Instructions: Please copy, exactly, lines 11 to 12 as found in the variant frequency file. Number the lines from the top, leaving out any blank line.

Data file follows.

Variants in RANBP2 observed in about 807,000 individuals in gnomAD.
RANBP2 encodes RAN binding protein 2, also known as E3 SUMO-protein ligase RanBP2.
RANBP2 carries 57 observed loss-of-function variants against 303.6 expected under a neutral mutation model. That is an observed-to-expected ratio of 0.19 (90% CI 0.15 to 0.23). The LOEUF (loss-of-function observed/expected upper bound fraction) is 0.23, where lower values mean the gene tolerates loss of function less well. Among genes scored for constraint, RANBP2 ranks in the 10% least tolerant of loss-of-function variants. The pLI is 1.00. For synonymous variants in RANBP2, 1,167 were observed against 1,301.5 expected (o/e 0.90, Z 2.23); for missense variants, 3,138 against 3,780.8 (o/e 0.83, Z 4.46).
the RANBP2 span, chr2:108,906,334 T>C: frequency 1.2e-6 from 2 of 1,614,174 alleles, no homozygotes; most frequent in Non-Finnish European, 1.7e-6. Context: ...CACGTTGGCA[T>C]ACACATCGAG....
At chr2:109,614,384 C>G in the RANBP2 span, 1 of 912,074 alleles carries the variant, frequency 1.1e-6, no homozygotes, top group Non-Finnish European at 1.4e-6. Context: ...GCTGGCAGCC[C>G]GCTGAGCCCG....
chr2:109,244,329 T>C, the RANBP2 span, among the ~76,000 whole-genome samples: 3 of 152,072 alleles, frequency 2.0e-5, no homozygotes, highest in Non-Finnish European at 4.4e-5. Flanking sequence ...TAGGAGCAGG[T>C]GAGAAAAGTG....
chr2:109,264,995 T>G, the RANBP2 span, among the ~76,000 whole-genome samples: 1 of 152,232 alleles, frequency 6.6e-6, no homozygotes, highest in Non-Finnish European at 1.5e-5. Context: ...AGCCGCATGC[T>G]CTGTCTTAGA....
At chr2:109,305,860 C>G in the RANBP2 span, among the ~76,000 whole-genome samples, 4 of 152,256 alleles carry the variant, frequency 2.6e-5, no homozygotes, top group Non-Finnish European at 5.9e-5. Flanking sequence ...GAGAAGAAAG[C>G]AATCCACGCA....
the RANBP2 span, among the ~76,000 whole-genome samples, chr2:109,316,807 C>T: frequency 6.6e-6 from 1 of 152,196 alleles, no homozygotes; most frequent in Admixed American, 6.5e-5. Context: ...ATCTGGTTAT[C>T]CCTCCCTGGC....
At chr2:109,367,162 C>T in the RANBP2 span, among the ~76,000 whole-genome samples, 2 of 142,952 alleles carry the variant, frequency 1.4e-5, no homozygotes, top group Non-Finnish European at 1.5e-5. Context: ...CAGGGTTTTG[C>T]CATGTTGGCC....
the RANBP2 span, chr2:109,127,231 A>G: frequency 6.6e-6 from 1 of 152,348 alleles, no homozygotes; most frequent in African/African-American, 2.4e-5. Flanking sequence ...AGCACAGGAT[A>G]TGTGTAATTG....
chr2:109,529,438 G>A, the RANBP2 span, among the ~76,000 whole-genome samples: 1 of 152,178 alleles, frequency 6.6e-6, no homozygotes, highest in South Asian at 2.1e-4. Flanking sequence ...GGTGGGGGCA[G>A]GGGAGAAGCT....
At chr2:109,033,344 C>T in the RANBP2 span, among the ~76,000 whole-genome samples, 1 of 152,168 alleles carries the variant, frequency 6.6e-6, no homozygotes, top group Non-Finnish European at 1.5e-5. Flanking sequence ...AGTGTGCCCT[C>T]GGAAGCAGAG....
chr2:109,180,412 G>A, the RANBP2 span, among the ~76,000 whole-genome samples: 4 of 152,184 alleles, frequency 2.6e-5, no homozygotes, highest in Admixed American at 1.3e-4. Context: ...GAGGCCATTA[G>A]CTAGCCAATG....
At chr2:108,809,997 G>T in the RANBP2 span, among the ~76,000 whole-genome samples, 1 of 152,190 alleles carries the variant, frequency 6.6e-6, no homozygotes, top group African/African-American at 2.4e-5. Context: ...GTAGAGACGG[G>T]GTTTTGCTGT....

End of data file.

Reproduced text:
the RANBP2 span, chr2:109,127,231 A>G: frequency 6.6e-6 from 1 of 152,348 alleles, no homozygotes; most frequent in African/African-American, 2.4e-5. Flanking sequence ...AGCACAGGAT[A>G]TGTGTAATTG....
chr2:109,529,438 G>A, the RANBP2 span, among the ~76,000 whole-genome samples: 1 of 152,178 alleles, frequency 6.6e-6, no homozygotes, highest in South Asian at 2.1e-4. Flanking sequence ...GGTGGGGGCA[G>A]GGGAGAAGCT....